Translated from Histoire de Charles xii. far VolUiire, by 

Thos. Brockway. 


DURING a visit to Antsihànaka the year before last, I saw an exten- 
sive deposit of hmestone, of a coàrse crystalline texture, some reddish, some 
white. It occurs about a mile south of Ambàtondrazàka, and also a little 
fùrther distance north of that town. No use has ever been made of it, and 
its true nature is unknown to the natives. Yellow jasper rock occurs in the 
same neighbourhood, and also a compact cherty rock almost like âint. 

Quartz is very plentifuUy disiributed throughout the district of Antsihà- 
naka, and in some parts the hili-sides are covered with immense blocks of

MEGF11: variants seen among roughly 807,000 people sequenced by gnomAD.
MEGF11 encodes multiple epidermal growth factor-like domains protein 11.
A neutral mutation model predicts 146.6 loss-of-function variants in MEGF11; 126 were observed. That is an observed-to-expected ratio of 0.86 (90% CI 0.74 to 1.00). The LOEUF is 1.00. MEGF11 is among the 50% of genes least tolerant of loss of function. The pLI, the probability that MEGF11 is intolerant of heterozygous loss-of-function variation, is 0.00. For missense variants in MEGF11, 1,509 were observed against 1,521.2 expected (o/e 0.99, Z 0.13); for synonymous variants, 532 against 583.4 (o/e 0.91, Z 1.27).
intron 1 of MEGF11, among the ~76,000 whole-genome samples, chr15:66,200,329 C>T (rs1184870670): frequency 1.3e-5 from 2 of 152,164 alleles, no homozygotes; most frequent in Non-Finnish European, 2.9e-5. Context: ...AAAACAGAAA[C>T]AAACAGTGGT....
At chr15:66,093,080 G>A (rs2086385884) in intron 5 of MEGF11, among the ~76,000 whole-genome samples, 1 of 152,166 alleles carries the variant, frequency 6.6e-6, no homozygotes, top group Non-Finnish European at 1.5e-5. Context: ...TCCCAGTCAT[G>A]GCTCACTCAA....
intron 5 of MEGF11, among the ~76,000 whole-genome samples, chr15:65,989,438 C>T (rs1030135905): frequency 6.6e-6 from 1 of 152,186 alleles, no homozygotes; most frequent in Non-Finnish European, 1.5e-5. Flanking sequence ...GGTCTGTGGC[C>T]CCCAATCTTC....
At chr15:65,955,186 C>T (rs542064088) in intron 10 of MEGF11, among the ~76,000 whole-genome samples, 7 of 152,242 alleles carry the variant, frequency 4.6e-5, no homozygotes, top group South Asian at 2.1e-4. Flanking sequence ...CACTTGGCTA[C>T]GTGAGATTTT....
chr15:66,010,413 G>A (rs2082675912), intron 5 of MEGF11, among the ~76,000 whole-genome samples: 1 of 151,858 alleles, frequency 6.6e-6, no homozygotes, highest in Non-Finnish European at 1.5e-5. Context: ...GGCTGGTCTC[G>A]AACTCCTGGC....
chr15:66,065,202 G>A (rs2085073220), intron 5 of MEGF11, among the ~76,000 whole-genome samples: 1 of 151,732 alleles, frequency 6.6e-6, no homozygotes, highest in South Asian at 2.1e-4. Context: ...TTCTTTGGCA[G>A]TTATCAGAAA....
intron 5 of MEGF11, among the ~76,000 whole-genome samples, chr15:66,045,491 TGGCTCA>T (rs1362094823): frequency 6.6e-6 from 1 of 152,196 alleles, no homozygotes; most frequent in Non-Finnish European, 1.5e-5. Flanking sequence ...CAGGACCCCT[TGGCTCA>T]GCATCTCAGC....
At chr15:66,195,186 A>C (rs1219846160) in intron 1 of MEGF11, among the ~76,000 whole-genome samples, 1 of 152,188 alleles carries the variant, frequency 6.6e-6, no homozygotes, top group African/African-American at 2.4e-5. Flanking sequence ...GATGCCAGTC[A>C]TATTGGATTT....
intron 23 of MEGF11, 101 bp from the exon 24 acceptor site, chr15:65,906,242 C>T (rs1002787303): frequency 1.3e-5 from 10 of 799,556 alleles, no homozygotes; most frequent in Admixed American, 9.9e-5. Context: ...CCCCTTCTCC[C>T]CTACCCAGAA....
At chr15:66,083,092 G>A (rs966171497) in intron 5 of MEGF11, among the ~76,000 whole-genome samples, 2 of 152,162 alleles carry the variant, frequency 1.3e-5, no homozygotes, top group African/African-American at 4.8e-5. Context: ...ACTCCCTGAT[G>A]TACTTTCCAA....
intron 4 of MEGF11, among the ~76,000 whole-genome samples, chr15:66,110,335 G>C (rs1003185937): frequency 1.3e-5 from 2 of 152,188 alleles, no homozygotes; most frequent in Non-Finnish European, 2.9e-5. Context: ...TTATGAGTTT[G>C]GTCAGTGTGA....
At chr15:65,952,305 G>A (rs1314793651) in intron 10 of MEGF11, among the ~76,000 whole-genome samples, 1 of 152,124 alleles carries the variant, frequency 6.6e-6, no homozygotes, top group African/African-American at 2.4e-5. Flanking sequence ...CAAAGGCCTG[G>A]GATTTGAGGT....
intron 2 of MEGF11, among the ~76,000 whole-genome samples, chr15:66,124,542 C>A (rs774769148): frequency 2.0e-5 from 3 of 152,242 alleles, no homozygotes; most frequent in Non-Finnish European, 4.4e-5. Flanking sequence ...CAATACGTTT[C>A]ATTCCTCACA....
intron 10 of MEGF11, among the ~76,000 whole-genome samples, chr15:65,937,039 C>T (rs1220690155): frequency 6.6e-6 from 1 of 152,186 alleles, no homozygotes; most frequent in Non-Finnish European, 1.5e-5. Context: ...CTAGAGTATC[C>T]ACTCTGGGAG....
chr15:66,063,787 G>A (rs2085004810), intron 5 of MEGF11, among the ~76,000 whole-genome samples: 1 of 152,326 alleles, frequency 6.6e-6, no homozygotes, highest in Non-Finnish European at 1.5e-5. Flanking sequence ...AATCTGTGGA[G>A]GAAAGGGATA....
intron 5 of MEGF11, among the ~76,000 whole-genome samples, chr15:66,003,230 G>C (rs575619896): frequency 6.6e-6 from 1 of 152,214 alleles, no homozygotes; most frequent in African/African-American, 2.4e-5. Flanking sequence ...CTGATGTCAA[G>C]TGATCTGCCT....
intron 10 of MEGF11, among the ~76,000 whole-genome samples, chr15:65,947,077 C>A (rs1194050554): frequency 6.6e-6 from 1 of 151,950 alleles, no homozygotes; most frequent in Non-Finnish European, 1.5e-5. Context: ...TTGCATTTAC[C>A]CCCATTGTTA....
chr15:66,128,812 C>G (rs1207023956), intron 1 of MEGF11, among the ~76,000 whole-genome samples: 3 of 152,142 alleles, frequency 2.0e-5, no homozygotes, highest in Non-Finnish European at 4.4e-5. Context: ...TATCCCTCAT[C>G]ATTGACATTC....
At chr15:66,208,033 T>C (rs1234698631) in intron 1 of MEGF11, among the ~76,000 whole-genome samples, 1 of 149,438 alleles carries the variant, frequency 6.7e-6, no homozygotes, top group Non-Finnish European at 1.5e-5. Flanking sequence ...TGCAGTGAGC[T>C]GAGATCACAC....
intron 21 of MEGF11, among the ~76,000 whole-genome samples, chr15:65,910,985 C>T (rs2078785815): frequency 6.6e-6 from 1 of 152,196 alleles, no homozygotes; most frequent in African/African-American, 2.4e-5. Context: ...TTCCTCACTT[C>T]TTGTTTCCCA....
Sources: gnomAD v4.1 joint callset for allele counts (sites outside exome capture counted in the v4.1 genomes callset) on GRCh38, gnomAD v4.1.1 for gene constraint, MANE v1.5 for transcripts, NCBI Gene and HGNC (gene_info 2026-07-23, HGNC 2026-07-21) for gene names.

the pink or rose vatiety. On one hili, in addition to ordinary white quartz 
of every degree of transparency, I found the rose, milky, and smoky varieties, 
and also a bright blue stone apparently quartz also« Imbedded in the quartz 
rock was a large crystal, over six inches across, of a duU-blue colour ; but as 
I had no suitable tools with me, it was impossible to get anything but small 
pièces, into which it easily broke from the effect of long exposure of its upper 
surface to the weather. Probably it is kyanite. 

Evidences of former volcanic action are met with on ail sides of the Lake 
Alaotra in this district ; and some miles inland from the northernmost limit, 
where the land has risen to a considérable beight, are vaiious circular 


dépressions havîng ail the appearance of ancient craters. In t>ne inst 
conclusive évidence was anorded of the correctness of this opini ^' 
a gully leading down from one of thèse dépressions had been laid b 
showed cliffs of decided volcanic origin. — J. WiLLS.